May 2015-McCormick Place
The problem with the world is that there are too many names. There was a time when we were young when the names controlling the world were easy to remember. Churchill, who was named after a famous racetrack; Roosevelt, who was named after a bridge in Stuart; and Hitler, who was named after his father, did not twist the tongue.
Famous generals had easy names – Eisenhower, Marshall, Patton, Montgomery, Bradley, MacArthur, Washington and Lee. They did not challenge brain cells. Even the enemy had fairly simple names, such as Tojo, Hirohito and Rommel. Some Teutonic monikers were a bit challenging, but historically, there was usually a way to associate them with real life. Hindenburg was named after a blimp.
Bismarck after a town in North Dakota. The B-17 was named for a popular vitamin used to counter blitzkrieg syndrome.
Today, one sympathizes with any serious student of world affairs. Just in the last 20 years or so, major events have taken place in places nobody heard of. It started in the 1990s with the awful war in Bosnia. The names of prominent political and military leaders were uniformly hard to pronounce, and impossible to remember. Alija Izetbegovic, Radovan Karadzic, Milomir Stakic, Ratko Mladic, Sefer Halilovic, Haris Silajdzic and Slobodan Milosevic were among the many who made the news. If some of these spellings are incorrect, keep in mind most of these people could not even pronounce their own names, much less spell them.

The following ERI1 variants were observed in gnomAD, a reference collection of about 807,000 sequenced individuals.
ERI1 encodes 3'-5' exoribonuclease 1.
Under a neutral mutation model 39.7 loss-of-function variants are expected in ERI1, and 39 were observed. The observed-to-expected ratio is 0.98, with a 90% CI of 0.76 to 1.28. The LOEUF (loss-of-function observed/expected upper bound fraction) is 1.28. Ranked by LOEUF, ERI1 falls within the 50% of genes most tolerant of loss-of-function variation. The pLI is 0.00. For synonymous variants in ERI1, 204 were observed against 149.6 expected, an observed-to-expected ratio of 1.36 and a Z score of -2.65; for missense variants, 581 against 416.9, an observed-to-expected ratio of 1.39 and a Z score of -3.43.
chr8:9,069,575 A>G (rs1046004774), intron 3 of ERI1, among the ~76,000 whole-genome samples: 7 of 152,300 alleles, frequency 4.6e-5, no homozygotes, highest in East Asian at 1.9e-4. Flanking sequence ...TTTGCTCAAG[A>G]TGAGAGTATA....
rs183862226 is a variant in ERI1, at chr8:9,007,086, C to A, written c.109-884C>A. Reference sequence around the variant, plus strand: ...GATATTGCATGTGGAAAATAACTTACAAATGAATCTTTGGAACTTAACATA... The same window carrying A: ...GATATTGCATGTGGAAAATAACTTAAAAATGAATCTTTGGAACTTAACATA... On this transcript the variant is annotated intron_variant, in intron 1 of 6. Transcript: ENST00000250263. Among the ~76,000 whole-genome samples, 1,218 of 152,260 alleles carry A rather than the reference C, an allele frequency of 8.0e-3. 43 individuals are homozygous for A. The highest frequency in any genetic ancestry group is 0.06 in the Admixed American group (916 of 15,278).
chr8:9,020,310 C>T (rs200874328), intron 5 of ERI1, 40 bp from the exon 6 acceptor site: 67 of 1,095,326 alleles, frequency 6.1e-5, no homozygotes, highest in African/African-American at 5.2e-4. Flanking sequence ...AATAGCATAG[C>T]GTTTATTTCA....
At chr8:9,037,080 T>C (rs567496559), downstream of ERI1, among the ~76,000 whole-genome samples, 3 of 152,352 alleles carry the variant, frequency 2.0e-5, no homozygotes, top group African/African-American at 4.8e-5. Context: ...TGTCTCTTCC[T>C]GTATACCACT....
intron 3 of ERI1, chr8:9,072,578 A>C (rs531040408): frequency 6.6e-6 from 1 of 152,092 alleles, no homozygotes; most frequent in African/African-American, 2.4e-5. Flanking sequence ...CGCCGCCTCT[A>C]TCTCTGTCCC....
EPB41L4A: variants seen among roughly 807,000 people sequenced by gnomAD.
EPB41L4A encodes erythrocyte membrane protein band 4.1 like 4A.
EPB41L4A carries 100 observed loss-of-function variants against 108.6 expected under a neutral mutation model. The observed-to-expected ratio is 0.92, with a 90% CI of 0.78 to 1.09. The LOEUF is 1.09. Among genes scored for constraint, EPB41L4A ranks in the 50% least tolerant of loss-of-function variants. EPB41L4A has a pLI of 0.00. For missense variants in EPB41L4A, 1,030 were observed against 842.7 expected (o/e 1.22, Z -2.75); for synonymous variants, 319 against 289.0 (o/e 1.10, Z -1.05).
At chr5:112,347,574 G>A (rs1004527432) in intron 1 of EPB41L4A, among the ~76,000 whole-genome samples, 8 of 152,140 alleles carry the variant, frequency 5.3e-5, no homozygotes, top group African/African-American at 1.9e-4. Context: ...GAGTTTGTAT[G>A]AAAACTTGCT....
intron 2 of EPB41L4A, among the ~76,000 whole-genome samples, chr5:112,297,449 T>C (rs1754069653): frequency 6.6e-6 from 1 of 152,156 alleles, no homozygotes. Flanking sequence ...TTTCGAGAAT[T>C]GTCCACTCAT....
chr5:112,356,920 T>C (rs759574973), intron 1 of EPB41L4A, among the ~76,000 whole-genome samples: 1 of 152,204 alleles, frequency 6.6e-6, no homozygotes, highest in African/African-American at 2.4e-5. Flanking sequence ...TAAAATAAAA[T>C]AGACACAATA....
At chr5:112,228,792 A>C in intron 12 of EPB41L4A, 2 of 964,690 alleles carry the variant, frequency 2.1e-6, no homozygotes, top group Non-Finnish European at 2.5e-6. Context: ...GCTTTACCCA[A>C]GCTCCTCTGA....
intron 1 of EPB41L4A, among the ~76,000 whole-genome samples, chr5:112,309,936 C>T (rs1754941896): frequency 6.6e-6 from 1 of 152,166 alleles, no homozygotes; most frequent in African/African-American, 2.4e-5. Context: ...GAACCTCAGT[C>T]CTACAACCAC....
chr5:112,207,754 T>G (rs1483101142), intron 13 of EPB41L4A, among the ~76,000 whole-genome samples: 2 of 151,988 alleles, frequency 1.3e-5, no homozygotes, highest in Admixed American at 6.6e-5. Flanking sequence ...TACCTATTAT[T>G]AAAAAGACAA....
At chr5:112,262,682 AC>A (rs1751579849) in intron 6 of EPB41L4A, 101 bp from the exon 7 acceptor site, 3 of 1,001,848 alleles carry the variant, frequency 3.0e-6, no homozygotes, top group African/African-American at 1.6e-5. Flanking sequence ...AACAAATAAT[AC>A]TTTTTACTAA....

Compounding the problem is the avalanche of new media, all trying to tell the same stories, all trying to pronounce the names nobody heard of from places nobody heard of. We long for the day when newspapers were limited in the names they printed, because they never had any news from the places in the world they never heard of. Americans knew who George Meade was, and maybe Jefferson Davis or Harriet Beecher Stowe. In a typical day, the typical American heard fewer than a dozen names, which could be recalled without Google. People in Blowing Rock, North Carolina, never heard of Ryzhov, Khaletsky or Arbuzov, who were in the Crimean War, because they never knew Crimea existed.
Broadcasters did not have to deal with this problem because there were no broadcasters. Today we feel for the poor broadcasters. Several have had nervous breakdowns on camera, and to this day, there are cases of newsmen being treated for brain trauma, a lingering effect of years of tongue twisting.
The painful thing is that as soon as we begin to come close to getting these names right, the world crisis tends to change to other places and other names nobody can get straight. Perhaps nowhere is this more evident than in the Middle East where the shifting tides of turmoil have forced upon innocent Americans names that only a mother could abide. And as soon as we come close to getting them straight, they disappear and are replaced by equally challenging names.
We are assaulted with names such as Muammar el Qaddafi, Mahmoud Ahmadinejad, Nouri al-Maliki, Hosni Mubarak, Benjamin Netanyahu (thank god they call him Bibi), Khaled Meshaal, Asif Ali Zardari, Hamad bin Khalifa-Thani, Zine El Abidine Benali, Abdullah Saleh and others for which there are no letters in the English alphabet.
Perhaps the natives have dealt with that problem over the years by naming half the people Muhammad. Indeed, even in the U.S. we have seen creative solutions to difficult names. In our old high school, on the first day, a teacher named Gallagher (O Gallchobhair in old Irish) was going through the names of the class when he came to Szymkowski. We can only spell it because he became the stroke of a championship crew and as a sports writer, we had to recall it on a regular basis. Mr. Gallagher fumbled with the pronunciation and then said to Szymkowski, “From now on, you’re Murphy.” And Murph Szymkowski it is, 50 years later.